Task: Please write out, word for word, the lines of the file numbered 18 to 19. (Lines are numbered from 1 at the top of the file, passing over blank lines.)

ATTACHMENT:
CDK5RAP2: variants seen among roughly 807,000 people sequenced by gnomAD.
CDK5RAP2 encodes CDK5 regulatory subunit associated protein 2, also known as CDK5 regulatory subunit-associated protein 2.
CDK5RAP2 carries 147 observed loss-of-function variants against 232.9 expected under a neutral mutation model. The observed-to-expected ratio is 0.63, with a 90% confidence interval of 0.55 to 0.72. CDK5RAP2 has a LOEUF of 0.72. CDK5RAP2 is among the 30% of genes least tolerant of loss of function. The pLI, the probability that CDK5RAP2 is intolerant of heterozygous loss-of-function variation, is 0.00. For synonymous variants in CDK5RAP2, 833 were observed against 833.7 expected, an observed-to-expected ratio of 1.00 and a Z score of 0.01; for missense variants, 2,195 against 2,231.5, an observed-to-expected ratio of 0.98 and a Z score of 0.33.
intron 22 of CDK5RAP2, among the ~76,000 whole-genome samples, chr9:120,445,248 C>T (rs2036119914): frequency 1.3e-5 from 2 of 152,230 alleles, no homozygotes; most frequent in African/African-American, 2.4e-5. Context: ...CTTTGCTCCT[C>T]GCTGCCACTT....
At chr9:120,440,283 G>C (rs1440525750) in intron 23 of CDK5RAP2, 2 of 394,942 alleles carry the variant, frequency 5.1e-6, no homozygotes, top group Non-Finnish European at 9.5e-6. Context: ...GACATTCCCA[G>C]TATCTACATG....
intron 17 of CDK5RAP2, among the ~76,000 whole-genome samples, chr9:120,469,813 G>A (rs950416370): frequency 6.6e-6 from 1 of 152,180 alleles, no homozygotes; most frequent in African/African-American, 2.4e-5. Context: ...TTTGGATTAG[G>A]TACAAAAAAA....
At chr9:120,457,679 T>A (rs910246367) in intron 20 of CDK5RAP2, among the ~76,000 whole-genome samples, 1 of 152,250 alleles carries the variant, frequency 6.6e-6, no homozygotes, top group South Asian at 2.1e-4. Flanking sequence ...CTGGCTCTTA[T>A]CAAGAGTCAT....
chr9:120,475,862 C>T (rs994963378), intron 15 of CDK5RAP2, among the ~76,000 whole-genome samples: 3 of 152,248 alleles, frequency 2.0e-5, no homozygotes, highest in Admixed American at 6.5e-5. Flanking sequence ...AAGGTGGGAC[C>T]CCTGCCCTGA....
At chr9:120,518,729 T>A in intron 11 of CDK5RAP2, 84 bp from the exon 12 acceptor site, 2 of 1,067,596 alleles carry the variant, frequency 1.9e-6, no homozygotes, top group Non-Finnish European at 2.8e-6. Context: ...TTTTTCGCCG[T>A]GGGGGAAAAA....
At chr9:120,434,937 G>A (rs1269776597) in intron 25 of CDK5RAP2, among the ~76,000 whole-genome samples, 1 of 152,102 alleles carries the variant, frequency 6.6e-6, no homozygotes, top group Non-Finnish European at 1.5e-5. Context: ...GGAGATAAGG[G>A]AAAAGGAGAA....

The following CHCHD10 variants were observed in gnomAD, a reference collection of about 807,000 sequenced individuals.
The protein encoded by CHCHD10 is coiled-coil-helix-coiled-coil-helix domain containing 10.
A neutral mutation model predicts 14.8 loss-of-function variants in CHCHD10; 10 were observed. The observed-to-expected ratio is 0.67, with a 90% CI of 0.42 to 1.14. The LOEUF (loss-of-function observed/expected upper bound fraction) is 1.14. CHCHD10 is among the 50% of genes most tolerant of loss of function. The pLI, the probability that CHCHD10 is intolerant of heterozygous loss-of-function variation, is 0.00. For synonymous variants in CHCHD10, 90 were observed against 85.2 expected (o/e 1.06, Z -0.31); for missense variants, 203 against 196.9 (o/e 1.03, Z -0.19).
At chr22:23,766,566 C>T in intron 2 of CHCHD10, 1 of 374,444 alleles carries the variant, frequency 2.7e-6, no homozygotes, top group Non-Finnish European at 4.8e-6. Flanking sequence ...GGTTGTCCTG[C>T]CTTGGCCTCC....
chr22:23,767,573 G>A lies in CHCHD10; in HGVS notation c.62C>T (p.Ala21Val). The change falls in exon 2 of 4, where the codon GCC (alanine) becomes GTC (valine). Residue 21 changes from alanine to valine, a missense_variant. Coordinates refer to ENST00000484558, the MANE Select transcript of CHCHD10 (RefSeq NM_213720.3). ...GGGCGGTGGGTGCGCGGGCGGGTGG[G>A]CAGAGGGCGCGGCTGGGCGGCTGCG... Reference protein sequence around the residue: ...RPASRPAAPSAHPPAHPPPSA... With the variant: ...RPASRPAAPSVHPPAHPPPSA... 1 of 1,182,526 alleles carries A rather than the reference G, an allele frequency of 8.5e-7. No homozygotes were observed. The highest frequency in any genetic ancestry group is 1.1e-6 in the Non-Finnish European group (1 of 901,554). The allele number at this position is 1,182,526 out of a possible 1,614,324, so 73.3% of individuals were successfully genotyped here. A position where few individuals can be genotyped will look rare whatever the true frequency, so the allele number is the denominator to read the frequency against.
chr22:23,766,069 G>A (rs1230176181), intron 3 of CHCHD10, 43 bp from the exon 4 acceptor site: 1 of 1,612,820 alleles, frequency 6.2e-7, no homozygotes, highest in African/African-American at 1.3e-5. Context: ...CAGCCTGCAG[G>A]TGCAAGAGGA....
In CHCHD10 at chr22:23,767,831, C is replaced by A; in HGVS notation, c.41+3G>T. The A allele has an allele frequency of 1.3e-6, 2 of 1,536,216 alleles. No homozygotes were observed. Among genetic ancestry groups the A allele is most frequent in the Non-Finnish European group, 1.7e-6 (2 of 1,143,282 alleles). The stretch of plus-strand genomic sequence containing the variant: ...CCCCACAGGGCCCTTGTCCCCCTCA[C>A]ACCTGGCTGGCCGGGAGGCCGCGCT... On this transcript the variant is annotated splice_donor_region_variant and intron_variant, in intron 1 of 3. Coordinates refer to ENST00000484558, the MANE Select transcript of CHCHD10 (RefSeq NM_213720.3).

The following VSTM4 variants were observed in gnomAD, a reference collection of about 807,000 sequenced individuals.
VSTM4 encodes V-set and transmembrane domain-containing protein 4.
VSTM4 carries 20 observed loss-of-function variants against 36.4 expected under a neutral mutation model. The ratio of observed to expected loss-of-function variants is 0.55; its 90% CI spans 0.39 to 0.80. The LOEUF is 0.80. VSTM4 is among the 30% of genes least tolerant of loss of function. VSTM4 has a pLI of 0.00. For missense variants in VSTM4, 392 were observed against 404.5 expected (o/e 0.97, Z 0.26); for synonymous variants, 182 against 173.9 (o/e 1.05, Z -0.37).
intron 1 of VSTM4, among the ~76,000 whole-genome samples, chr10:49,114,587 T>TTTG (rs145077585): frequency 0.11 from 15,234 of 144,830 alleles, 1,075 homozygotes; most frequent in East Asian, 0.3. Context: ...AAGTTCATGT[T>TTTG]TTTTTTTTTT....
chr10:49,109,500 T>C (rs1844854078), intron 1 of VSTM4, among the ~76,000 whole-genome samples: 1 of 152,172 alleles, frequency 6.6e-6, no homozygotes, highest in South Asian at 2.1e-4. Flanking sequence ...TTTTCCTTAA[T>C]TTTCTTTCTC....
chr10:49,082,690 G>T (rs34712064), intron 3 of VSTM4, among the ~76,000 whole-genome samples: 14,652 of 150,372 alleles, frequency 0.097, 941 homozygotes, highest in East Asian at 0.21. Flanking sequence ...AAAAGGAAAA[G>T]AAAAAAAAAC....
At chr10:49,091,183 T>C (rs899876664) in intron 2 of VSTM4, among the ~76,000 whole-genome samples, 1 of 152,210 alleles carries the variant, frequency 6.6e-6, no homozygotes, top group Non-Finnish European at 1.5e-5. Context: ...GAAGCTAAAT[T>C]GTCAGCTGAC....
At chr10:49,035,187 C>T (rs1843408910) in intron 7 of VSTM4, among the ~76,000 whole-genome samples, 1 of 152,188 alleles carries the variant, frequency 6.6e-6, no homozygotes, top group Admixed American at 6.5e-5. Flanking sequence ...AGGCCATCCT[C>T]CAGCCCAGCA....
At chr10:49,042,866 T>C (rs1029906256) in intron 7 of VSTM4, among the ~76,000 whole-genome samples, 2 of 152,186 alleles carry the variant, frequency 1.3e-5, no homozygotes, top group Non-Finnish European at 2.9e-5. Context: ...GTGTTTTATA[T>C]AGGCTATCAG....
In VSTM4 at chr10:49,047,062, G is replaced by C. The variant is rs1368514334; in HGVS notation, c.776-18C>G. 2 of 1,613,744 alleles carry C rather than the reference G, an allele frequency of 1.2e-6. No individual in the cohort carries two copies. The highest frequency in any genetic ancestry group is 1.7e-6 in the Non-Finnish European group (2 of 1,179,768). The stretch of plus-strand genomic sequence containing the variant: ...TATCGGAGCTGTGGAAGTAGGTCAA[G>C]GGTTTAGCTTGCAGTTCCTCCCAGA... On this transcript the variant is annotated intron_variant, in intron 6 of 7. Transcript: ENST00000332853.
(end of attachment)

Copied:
The following VSTM4 variants were observed in gnomAD, a reference collection of about 807,000 sequenced individuals.
VSTM4 encodes V-set and transmembrane domain-containing protein 4.